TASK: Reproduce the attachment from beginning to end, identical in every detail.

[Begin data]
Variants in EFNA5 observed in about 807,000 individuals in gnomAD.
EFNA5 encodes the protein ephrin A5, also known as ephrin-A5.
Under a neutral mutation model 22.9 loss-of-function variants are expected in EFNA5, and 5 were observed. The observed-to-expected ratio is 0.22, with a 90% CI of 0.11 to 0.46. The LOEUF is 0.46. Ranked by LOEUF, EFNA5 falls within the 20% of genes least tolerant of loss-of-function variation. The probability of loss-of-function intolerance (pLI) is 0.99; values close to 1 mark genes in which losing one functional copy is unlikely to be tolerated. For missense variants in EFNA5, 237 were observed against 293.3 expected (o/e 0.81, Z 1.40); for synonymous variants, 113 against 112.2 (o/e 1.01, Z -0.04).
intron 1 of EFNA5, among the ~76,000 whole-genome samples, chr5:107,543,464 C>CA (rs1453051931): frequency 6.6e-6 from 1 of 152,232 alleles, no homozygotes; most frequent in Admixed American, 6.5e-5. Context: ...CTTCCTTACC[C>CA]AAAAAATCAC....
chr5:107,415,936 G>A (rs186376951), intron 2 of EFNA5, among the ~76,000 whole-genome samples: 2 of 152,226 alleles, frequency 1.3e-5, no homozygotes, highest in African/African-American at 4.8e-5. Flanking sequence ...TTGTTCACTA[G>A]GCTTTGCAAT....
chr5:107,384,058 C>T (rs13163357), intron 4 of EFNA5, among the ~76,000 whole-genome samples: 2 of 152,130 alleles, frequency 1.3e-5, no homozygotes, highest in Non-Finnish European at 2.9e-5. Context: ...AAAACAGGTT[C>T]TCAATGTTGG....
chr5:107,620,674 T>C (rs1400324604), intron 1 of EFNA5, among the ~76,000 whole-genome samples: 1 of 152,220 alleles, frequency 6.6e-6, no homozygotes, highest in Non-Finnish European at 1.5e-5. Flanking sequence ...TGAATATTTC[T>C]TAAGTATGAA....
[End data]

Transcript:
Variants in EFNA5 observed in about 807,000 individuals in gnomAD.
EFNA5 encodes the protein ephrin A5, also known as ephrin-A5.
Under a neutral mutation model 22.9 loss-of-function variants are expected in EFNA5, and 5 were observed. The observed-to-expected ratio is 0.22, with a 90% CI of 0.11 to 0.46. The LOEUF is 0.46. Ranked by LOEUF, EFNA5 falls within the 20% of genes least tolerant of loss-of-function variation. The probability of loss-of-function intolerance (pLI) is 0.99; values close to 1 mark genes in which losing one functional copy is unlikely to be tolerated. For missense variants in EFNA5, 237 were observed against 293.3 expected (o/e 0.81, Z 1.40); for synonymous variants, 113 against 112.2 (o/e 1.01, Z -0.04).
intron 1 of EFNA5, among the ~76,000 whole-genome samples, chr5:107,543,464 C>CA (rs1453051931): frequency 6.6e-6 from 1 of 152,232 alleles, no homozygotes; most frequent in Admixed American, 6.5e-5. Context: ...CTTCCTTACC[C>CA]AAAAAATCAC....
chr5:107,415,936 G>A (rs186376951), intron 2 of EFNA5, among the ~76,000 whole-genome samples: 2 of 152,226 alleles, frequency 1.3e-5, no homozygotes, highest in African/African-American at 4.8e-5. Flanking sequence ...TTGTTCACTA[G>A]GCTTTGCAAT....
chr5:107,384,058 C>T (rs13163357), intron 4 of EFNA5, among the ~76,000 whole-genome samples: 2 of 152,130 alleles, frequency 1.3e-5, no homozygotes, highest in Non-Finnish European at 2.9e-5. Context: ...AAAACAGGTT[C>T]TCAATGTTGG....
chr5:107,620,674 T>C (rs1400324604), intron 1 of EFNA5, among the ~76,000 whole-genome samples: 1 of 152,220 alleles, frequency 6.6e-6, no homozygotes, highest in Non-Finnish European at 1.5e-5. Flanking sequence ...TGAATATTTC[T>C]TAAGTATGAA....